We previously suggested in this Journal that post-death publicity rights could be excluded from the decedent's estate for tax purposes if state legislation precluded the decedent from exercising post-death control. In other words, if state legislation designated who would hold these rights after the decedent's death, the value of these rights should not be subject to estate tax. Professor Joshua Tate, in his response to our essay, argues that under current law, estate tax inclusion would be required regardless of the decedent's ability to exercise control. So, for example, in Professor Tate's analysis, the estate tax would apply even if the legislation vested those rights in the decedent's oldest daughter and even if the decedent had no right to alter this outcome. Professor Tate's analysis misconstrues fundamental estate tax principles and misunderstands the precedents on which he relies.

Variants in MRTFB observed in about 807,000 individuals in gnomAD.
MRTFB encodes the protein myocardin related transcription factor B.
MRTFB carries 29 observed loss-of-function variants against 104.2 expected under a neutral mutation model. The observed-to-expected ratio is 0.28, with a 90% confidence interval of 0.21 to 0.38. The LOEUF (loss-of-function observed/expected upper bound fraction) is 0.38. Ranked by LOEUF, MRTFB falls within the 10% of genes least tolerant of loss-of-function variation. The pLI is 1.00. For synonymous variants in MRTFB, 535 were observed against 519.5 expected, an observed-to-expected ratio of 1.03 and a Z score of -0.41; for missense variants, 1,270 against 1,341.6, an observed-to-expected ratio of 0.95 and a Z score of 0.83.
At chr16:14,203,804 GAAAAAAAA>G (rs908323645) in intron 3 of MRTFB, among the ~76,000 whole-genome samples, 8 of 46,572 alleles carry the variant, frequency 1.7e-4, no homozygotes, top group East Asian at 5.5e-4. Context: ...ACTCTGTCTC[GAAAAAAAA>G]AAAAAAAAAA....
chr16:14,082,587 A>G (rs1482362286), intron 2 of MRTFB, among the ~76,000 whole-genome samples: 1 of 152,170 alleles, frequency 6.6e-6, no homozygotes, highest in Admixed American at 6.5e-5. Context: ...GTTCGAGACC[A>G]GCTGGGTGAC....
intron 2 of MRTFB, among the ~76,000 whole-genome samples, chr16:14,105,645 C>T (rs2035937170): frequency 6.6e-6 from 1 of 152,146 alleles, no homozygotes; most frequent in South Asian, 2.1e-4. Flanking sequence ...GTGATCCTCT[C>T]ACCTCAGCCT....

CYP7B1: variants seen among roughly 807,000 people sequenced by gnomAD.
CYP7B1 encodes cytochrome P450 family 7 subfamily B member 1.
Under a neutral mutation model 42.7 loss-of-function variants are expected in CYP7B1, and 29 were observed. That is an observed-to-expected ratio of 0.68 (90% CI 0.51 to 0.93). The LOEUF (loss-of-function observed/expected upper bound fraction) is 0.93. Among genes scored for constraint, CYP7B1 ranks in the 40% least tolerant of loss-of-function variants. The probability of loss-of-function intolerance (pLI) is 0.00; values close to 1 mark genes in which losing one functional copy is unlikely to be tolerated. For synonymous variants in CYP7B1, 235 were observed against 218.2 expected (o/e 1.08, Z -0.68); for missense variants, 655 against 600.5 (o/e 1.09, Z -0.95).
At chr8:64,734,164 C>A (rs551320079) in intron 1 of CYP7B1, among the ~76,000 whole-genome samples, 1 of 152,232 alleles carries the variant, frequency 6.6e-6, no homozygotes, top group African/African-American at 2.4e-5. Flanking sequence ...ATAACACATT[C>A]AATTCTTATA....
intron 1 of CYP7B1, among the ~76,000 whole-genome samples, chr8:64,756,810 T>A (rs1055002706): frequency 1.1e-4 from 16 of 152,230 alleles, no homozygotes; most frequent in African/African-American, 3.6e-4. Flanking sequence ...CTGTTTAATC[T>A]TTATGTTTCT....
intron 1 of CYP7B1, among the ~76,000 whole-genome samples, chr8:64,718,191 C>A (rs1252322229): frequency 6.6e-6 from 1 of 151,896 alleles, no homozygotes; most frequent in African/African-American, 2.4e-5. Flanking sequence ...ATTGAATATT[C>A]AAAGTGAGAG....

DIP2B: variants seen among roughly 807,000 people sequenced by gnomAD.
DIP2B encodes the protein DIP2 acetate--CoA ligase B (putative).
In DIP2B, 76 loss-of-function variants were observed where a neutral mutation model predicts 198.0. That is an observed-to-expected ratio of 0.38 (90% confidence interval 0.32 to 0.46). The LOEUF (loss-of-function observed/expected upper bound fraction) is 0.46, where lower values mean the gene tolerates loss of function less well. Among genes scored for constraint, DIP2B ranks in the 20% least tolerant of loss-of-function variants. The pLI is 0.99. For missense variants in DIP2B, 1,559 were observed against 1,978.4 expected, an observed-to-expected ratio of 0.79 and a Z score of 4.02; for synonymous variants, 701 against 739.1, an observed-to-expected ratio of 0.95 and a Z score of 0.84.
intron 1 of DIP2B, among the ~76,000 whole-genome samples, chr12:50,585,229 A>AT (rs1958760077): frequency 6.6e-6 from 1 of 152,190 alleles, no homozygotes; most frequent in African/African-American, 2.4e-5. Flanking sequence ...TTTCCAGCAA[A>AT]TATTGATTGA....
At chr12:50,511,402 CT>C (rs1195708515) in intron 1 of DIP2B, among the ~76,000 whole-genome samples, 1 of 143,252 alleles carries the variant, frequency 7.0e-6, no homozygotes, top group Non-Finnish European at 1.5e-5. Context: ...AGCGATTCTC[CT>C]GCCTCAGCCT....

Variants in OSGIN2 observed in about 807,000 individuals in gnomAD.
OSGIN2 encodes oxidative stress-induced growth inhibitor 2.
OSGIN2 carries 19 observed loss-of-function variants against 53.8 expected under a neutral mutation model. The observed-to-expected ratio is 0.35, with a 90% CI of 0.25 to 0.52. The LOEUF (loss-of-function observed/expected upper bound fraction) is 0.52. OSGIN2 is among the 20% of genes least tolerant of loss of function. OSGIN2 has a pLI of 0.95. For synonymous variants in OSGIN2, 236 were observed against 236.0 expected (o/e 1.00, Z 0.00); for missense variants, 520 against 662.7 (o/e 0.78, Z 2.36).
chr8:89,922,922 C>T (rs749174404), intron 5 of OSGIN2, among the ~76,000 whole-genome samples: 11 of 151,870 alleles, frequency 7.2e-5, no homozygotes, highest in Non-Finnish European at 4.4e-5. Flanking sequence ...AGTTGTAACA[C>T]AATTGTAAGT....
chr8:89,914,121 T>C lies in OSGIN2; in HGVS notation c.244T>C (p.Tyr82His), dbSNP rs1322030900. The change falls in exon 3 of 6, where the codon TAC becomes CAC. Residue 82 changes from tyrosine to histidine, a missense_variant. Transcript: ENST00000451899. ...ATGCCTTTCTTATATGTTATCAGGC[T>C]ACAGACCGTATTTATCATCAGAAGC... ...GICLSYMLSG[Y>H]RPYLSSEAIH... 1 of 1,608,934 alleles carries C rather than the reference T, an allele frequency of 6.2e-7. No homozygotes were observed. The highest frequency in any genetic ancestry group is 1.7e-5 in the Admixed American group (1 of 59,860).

Bridget J. Crawford, Mitchell M. Gans & Jonathan G. Blattmachr, The Estate Tax Fundamentals of Celebrity and Control, 118 Yale L.J. Pocket Part 50 (2008), http://digitalcommons.pace.edu/lawfaculty/528/.